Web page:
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U.S. agency: Apple infringes Samsung patent on older iPhones, iPads

A man is silhouetted against a video screen with an Apple logo as he poses with an Apple iPhone 4 smartphone in this photo illustration take
A man is silhouetted against a video screen with an Apple logo as he poses with an Apple iPhone 4 smartphone in this photo illustration take

By Diane Bartz

WASHINGTON (Reuters) - Samsung Electronics scored a victory over rival Apple Inc in their long-running dispute over mobile device patents after a U.S. trade agency issued an order banning older but still-popular Apple products from the U.S. market.

The U.S. International Trade Commission (ITC) ruled on Tuesday that the Silicon Valley giant had infringed on a patent owned by Samsung that involves the ability of devices to transmit multiple services simultaneously and correctly through 3G wireless technology.

The independent federal agency slapped a ban on the import or sale of the iPhone 4, iPhone 3GS, iPad 3G and iPad 2 3G distributed by AT&T, the biggest seller of Apple devices in the United States when Samsung filed its complaint in 2011. The products are assembled in Asia.

U.S. President Barack Obama has 60 days to review the ruling. If he does not veto the order, it will go into effect.

It is not immediately clear what the impact could be on Apple or AT&T should Obama let the ruling stand, since the decision remains subject to a potentially prolonged appeals process.

While the products targeted are more than a year old, some models such as the iPhone 4 remain solid sellers.

The most recent version covered by the ITC's decision - the iPhone 4 - is now given away with a contract offered by carriers including Verizon Wireless, which is not affected by the ruling. The iPhone 4 could be phased out within a year should Apple stick to schedule and release a new version of the iPhone 5 in the fall as many in the industry expect.

Still, if the import ban goes into effect, U.S. customs agencies enforcing the ban could well end up delaying other Apple products, said Susan Kohn Ross, a partner in the Los Angeles office of Mitchell Silberberg & Knupp.

"This is going to create a huge distortion for Apple," she said. "Customs has a very difficult job now. They have to look at every shipment."

The iPhone accounts for about half of Apple's revenue. While the company doesn't disclose sales data on individual smartphones and tablet models, the most current version of the iPhone typically accounts for the biggest chunk of iPhone shipments of more than 100 million units annually.

GLOBAL WAR

Shares in Apple were little changed at $446.26 in after-hours trade. Samsung stock was also holding steady at about 1.54 million won.

Apple has waged an international patent war since 2010 as it seeks to limit the growth of Google's Android, the world's most-used mobile software today. That fight has embroiled Samsung, HTC Corp and others that use Android, a direct competitor to Apple's iOS.

Tuesday's ruling overturned a decision by ITC Judge James Gildea, who ruled in September that Apple did not violate patents at issue in the case.

Samsung, which is battling Apple in court in some 10 countries, had also accused Apple of infringing on three other patents, but the ITC found that Apple did not infringe those.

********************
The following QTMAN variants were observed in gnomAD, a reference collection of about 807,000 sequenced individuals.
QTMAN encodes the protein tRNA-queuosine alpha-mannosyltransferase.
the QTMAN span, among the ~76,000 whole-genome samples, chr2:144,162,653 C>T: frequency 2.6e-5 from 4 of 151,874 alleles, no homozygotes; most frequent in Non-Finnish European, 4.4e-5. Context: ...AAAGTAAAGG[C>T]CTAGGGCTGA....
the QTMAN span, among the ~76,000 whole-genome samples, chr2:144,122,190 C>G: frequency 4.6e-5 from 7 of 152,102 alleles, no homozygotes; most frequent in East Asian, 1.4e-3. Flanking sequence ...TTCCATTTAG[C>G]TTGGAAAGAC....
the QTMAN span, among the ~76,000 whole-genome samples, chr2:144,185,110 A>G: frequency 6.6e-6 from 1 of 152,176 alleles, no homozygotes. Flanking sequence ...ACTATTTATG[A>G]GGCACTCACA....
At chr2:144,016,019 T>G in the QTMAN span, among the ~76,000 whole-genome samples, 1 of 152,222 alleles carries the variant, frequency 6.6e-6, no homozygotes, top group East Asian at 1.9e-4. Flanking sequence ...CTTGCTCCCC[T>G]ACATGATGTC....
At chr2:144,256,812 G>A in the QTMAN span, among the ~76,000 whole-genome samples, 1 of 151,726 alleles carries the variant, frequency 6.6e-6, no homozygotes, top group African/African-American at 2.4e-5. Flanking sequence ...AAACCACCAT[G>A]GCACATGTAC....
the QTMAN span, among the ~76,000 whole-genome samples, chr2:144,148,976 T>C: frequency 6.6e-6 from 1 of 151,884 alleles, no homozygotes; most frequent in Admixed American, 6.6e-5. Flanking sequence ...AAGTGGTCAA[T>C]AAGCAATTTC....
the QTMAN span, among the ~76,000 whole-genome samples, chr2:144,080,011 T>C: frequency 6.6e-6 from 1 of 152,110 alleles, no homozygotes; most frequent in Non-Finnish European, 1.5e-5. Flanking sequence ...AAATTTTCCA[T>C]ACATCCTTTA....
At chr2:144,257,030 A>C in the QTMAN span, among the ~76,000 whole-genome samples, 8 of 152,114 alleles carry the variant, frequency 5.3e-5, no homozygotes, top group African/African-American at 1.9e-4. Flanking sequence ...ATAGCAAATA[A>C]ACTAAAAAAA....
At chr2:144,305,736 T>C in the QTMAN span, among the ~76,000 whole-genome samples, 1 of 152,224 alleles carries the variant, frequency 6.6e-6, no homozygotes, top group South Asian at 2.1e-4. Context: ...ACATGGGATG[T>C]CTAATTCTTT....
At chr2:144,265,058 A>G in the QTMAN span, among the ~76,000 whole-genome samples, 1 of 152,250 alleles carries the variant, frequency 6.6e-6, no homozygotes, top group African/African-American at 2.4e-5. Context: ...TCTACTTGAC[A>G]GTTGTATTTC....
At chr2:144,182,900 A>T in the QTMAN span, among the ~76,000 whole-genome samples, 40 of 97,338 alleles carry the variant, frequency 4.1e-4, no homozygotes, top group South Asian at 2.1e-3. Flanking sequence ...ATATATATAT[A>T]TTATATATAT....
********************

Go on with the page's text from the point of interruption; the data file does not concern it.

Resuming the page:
"We are disappointed that the commission has overturned an earlier ruling and we plan to appeal. Today's decision has no impact on the availability of Apple products in the United States," Apple spokeswoman Kristin Huguet said in a statement.

Samsung said the ITC decision "confirmed Apple's history of free-riding on Samsung's technological innovations."

The Obama administration has been pressing for infringement of "standard essential patents" to mostly be punished by monetary charges, not sales bans.

It reiterated that stand on Tuesday with a White House statement that - among other steps - urged the ITC to raise its bar for order sales bans so that it matches district courts.

Designed to be a trade panel, the ITC has become a popular venue for patent lawsuits because it acts relatively quickly and it can order import bans, which are more difficult to get from district courts.

While the ITC was created to ensure that U.S. companies got a fair shake competing against imports, a fair number of non-U.S. companies have filed for relief at the agency based on the fact that they have U.S. manufacturing plants or do research in this country.

Samsung has a manufacturing plant in Austin, Texas.

"I can't really point to any time that the foreign complainants or respondents got anything but a justice-is-blind fair shake," said one patent expert who spoke privately because he did not have permission from his firm to speak to the media.

ITC cases can be appealed to the U.S. Court of Appeals for the Federal Circuit, and from there go to the Supreme Court.

Apple has a parallel complaint filed against Samsung at the ITC, accusing Samsung, an Apple chip provider, of blatantly copying its iPhones and iPads. An ITC judge in that case found that Samsung had violated one patent but not a second one. A final decision is due in August.

The case at the International Trade Commission is No. 337-794.

(Additional reporting by Poornima Gupta in San Francisco; Editing by Ros Krasny, Edwin Chan and Ryan Woo)

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